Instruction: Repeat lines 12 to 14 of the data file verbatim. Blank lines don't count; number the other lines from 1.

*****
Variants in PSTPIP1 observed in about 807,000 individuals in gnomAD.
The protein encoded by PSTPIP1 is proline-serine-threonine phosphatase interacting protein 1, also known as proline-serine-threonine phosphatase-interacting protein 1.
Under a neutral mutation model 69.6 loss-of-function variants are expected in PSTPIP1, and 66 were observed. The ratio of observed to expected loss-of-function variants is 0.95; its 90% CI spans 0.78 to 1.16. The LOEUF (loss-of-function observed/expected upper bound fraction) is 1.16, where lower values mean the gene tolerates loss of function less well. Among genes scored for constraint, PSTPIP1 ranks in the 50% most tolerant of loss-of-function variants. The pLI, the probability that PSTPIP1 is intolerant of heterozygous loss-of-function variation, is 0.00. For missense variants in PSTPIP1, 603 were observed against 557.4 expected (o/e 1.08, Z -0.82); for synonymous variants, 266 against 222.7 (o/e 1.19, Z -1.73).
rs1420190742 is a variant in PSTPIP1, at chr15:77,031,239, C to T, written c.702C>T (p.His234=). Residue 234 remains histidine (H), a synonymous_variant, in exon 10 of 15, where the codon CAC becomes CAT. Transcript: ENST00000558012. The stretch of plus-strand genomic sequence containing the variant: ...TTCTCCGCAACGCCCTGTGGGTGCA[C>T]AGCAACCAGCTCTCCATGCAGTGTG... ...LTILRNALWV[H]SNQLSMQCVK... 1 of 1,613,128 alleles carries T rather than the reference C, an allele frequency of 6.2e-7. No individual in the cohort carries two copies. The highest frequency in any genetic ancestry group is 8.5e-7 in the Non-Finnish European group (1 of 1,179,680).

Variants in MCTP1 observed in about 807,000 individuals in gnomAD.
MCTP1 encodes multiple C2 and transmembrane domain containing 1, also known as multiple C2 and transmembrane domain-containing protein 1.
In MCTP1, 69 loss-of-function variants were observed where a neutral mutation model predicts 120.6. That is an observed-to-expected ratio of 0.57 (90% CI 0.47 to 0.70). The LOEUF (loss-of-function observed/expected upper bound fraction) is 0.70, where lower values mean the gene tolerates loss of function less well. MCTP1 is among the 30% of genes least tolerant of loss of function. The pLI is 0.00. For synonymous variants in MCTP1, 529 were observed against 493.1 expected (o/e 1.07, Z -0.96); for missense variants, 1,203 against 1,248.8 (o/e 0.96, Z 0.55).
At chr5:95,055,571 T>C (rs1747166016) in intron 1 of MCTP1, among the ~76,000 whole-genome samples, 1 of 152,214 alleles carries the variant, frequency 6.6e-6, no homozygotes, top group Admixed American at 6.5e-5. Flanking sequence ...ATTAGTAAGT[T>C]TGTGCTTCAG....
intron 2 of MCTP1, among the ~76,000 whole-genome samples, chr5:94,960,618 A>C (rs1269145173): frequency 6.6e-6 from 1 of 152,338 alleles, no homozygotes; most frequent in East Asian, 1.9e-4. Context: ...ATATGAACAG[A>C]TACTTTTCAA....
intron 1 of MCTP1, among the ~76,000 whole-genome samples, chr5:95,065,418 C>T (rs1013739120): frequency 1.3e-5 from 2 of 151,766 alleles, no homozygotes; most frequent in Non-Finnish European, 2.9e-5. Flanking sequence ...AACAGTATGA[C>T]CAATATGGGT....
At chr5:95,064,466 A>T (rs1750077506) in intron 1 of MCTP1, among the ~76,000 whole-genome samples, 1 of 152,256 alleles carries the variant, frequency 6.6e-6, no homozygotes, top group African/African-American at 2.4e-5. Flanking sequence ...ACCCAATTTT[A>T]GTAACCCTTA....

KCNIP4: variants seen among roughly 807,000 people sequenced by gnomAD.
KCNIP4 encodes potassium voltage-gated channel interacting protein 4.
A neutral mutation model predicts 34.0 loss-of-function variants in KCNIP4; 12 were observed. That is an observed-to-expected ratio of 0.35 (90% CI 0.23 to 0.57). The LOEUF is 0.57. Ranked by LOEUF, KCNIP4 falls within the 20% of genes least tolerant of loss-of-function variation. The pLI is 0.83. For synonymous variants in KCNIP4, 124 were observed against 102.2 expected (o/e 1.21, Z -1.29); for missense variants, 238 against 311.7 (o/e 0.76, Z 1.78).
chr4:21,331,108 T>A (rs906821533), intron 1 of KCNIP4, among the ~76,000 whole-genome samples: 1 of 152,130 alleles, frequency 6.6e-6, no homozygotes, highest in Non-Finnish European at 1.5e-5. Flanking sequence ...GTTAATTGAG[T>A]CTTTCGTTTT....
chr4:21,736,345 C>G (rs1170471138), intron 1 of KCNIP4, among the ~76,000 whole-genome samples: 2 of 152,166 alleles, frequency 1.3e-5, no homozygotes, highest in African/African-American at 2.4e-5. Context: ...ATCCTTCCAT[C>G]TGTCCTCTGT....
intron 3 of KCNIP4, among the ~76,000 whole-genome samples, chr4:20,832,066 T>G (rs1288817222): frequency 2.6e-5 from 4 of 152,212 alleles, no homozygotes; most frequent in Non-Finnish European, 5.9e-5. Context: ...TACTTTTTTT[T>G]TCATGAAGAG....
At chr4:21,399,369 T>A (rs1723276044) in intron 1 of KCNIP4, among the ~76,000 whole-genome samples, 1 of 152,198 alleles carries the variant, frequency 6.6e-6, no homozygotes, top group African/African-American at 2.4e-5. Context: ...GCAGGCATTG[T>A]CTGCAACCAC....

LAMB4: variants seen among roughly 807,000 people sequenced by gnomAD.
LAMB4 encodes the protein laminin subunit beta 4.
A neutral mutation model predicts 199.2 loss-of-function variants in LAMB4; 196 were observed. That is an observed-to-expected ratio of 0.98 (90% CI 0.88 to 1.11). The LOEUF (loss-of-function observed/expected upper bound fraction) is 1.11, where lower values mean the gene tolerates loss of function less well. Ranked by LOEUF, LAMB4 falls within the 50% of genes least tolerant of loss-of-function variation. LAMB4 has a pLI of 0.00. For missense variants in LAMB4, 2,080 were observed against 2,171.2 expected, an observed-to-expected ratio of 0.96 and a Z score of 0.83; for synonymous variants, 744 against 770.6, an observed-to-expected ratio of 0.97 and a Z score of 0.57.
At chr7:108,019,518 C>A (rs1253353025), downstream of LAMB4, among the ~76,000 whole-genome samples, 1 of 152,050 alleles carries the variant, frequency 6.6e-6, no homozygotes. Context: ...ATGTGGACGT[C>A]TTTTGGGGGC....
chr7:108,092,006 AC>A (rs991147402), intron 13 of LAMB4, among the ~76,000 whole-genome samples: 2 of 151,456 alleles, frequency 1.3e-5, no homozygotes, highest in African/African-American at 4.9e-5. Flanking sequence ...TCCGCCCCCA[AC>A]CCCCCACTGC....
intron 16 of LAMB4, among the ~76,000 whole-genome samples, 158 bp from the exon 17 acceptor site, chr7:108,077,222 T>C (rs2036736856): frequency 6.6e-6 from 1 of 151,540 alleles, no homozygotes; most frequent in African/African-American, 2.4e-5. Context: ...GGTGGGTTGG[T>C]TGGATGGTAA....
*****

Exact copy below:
KCNIP4: variants seen among roughly 807,000 people sequenced by gnomAD.
KCNIP4 encodes potassium voltage-gated channel interacting protein 4.
A neutral mutation model predicts 34.0 loss-of-function variants in KCNIP4; 12 were observed. That is an observed-to-expected ratio of 0.35 (90% CI 0.23 to 0.57). The LOEUF is 0.57. Ranked by LOEUF, KCNIP4 falls within the 20% of genes least tolerant of loss-of-function variation. The pLI is 0.83. For synonymous variants in KCNIP4, 124 were observed against 102.2 expected (o/e 1.21, Z -1.29); for missense variants, 238 against 311.7 (o/e 0.76, Z 1.78).